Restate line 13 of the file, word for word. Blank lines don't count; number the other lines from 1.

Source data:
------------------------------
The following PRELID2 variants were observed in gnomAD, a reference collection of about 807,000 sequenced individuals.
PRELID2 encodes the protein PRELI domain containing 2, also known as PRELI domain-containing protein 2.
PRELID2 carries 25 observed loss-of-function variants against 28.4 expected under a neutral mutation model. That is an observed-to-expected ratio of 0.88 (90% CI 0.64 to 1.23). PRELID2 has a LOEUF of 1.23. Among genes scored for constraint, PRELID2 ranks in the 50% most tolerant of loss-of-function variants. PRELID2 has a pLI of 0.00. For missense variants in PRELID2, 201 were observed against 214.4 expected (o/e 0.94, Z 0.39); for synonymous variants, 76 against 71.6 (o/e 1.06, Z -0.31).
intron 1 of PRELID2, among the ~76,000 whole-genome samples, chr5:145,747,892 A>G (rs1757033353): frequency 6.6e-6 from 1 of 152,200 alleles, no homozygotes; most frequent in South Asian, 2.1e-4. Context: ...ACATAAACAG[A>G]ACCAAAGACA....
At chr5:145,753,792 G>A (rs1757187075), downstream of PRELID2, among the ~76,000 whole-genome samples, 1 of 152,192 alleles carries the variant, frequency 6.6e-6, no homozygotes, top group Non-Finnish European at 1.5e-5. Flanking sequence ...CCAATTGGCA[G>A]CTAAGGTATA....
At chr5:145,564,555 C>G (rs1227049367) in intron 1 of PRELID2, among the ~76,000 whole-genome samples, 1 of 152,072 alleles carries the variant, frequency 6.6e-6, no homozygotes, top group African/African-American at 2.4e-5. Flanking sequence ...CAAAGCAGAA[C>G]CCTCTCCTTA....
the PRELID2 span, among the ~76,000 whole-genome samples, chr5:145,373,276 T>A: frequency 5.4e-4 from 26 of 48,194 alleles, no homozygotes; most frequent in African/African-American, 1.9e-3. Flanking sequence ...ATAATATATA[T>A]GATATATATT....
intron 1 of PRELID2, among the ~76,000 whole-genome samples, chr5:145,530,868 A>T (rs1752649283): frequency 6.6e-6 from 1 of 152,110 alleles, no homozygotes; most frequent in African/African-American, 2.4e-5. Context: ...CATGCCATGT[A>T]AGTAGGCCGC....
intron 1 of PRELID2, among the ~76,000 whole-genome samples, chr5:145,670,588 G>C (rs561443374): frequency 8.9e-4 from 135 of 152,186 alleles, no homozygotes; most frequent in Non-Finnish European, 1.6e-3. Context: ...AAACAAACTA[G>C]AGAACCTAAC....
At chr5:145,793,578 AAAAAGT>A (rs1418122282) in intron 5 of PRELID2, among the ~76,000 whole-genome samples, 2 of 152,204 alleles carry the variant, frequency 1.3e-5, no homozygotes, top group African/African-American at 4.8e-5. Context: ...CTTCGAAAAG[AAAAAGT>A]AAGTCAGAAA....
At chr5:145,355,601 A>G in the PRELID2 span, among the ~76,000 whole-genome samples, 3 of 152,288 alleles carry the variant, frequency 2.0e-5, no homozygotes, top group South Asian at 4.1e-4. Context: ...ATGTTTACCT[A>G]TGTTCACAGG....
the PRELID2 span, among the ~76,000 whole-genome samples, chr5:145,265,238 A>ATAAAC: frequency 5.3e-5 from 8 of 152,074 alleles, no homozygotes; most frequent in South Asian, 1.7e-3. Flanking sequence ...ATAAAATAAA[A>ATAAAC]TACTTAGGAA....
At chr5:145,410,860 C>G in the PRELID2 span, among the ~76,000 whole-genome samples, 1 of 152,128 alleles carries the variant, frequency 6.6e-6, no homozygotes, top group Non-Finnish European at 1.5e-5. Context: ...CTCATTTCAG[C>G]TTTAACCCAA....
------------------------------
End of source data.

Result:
At chr5:145,410,860 C>G in the PRELID2 span, among the ~76,000 whole-genome samples, 1 of 152,128 alleles carries the variant, frequency 6.6e-6, no homozygotes, top group Non-Finnish European at 1.5e-5. Context: ...CTCATTTCAG[C>G]TTTAACCCAA....